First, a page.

I've just seen so many examples of bad parents + mental health institutions = one fucked up adult. My aunt and cousin live in CA. One of my elder cousins friends is TG and going through the typical teenage issues, plus the trauma of transition. Her parents are absolutely insisting on drugging her up to her eyeballs. Shes having a typical teenage rebellion phase and yet they insist that shes mentally ill. She's not. She just needs attention and patience. My aunt found her living on the street after being disowned by her parents.

    There are always going to be kids with serious mental health issues. That's not in debate. But you have to admit, sometimes parents are better off gently poking their kids in the right direction, rather than diagnosing them with mental health issues so early on? It's almost like creating a self-fulfilling prophecy before they're old enough to know what that is.
    I pretty much agree with all of that. I've heard that in the US there's a tendency to accept the DSM as gospel and hand out diagnostic labels like cub-scout badges (although I wouldn't know, being a Brit).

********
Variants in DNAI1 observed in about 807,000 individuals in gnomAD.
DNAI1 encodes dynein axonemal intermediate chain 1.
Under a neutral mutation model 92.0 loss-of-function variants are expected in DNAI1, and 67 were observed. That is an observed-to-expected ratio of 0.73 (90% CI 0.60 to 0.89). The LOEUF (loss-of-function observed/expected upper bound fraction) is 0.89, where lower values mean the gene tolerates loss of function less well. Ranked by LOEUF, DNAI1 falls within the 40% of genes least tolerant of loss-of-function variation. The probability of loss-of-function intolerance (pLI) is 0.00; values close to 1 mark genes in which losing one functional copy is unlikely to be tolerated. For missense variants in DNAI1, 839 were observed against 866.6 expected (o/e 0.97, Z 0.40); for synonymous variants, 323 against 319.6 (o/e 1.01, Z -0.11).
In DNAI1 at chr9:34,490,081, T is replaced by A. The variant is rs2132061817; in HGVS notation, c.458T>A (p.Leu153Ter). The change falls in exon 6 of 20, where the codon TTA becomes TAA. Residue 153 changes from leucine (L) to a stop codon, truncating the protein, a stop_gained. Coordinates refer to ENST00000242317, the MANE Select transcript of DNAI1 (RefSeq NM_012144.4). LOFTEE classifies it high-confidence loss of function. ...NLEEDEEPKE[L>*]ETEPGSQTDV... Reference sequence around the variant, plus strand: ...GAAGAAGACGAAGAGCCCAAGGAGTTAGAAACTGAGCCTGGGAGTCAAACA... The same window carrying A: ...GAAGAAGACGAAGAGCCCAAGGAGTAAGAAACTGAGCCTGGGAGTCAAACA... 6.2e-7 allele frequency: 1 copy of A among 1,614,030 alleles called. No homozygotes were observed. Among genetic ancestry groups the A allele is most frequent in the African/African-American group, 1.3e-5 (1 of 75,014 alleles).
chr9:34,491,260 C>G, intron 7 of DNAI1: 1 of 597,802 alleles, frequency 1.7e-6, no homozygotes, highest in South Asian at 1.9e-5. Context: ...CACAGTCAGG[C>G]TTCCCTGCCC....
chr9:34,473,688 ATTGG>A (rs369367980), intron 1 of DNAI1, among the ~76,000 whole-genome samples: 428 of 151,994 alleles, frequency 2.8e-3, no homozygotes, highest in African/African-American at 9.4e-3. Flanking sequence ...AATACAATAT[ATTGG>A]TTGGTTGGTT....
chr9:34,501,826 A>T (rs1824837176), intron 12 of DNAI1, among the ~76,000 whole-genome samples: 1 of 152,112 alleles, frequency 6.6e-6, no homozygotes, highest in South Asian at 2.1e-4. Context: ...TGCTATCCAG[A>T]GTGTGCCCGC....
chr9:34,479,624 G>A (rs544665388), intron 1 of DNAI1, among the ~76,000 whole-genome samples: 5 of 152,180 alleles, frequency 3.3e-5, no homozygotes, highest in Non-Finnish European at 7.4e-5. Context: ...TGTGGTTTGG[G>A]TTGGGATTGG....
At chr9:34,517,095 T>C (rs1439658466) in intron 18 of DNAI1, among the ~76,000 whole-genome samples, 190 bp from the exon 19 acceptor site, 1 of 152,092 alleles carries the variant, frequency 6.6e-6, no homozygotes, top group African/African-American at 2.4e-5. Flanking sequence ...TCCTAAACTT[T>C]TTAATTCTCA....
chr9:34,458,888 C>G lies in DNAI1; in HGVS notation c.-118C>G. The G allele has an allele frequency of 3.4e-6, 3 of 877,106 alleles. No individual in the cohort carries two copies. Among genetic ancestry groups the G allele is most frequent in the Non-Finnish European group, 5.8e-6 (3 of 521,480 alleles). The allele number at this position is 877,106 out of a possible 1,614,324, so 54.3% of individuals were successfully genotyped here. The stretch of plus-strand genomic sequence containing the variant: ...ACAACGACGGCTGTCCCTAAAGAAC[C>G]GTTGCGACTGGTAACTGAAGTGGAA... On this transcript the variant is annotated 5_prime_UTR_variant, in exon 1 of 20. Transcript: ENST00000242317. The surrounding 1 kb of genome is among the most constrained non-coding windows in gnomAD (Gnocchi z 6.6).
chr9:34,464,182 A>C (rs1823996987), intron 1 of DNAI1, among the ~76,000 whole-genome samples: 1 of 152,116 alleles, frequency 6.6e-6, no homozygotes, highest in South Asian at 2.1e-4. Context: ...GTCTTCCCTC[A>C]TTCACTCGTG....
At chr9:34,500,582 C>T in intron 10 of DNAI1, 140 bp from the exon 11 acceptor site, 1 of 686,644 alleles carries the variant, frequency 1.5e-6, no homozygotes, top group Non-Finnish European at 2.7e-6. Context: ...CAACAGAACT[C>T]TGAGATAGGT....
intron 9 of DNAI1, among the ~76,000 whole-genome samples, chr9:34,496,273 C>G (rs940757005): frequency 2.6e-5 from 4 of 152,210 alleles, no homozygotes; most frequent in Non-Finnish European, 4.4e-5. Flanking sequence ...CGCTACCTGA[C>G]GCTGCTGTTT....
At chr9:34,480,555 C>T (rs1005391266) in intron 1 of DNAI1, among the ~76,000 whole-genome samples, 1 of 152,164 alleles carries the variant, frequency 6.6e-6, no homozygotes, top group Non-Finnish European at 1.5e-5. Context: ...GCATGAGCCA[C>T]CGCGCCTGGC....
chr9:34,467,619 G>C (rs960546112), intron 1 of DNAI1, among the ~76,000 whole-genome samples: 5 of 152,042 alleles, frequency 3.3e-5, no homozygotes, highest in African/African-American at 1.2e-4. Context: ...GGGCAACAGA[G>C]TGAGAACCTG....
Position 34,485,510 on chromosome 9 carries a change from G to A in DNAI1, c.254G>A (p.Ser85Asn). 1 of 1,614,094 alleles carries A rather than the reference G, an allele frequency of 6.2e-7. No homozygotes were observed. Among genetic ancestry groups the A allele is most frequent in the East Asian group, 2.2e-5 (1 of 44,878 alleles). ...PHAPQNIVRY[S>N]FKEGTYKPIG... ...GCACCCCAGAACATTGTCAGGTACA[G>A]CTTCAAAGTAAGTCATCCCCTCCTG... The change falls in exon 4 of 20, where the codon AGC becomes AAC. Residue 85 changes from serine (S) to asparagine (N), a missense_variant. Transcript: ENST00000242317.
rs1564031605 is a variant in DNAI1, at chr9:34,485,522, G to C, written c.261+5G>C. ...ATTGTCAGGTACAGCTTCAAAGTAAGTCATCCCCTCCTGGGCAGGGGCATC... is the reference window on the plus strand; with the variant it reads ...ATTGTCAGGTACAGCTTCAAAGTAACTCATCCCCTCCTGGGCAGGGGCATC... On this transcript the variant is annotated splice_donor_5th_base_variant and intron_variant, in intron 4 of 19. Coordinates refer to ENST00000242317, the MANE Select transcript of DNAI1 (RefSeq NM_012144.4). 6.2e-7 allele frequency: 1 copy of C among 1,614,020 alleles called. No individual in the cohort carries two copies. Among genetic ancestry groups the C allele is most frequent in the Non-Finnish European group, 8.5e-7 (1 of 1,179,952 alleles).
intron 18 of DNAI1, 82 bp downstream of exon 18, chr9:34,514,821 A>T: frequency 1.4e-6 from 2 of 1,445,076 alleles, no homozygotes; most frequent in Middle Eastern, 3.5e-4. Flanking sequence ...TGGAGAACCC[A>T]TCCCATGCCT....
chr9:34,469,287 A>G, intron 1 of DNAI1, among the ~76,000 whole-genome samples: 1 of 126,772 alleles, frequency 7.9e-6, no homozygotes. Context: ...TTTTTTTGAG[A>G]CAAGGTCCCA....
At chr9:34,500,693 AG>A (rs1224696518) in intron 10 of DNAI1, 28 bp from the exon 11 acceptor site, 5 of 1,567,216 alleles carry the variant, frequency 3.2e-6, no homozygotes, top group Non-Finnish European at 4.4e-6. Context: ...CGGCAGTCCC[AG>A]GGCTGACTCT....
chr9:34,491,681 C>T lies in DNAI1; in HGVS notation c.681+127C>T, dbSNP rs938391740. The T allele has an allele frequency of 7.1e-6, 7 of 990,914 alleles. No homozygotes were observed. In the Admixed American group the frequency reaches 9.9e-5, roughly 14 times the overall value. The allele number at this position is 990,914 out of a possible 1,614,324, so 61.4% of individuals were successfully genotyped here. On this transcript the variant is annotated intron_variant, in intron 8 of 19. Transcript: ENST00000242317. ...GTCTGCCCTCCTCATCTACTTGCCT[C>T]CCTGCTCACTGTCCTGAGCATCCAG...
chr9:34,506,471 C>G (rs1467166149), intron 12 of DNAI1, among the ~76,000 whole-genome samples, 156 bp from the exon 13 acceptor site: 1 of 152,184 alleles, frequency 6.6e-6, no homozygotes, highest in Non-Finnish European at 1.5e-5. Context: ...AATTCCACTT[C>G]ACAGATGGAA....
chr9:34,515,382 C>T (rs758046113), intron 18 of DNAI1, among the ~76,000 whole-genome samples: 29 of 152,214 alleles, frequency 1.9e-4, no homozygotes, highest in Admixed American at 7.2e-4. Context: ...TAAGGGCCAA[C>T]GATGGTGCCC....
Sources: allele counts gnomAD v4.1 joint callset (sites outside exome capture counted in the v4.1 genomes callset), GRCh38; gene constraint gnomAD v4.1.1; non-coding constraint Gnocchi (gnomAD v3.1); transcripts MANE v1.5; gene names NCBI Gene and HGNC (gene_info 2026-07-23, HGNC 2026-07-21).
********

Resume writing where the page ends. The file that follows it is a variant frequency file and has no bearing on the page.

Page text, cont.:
But I think that kind of labelling doesn't help the individual overcome that "identity" (a self-fulfilling prophesy, as you say) or help doctors/therapists treat the unique nature of every individual's problems because they've already been pigeon-holed and categorised. It easier to look at a person and see a label without really looking at the source of the problem.

    Funnily enough, I've just finished reading "The Psychopath Test: A Journey Through the Madness Industry" by Jon Ronson about how arbitrary the diagnosis criteria are. It was an easy & entertaining read.



    Quote Originally Posted by Luca View Post
    I apologise if I came off a little preachy! And no, you weren't overly harsh. I can see your point of view, and I agree with it. But from a much broader perspective hopefully you can see the merits in my response.

    *hugs*
    Hey, no worries, Luca! I also see your point of view and agree with it! Phew! Yeah... I understand what you were saying now.



    (Oh, crumbs! Sorry for the wall of text... )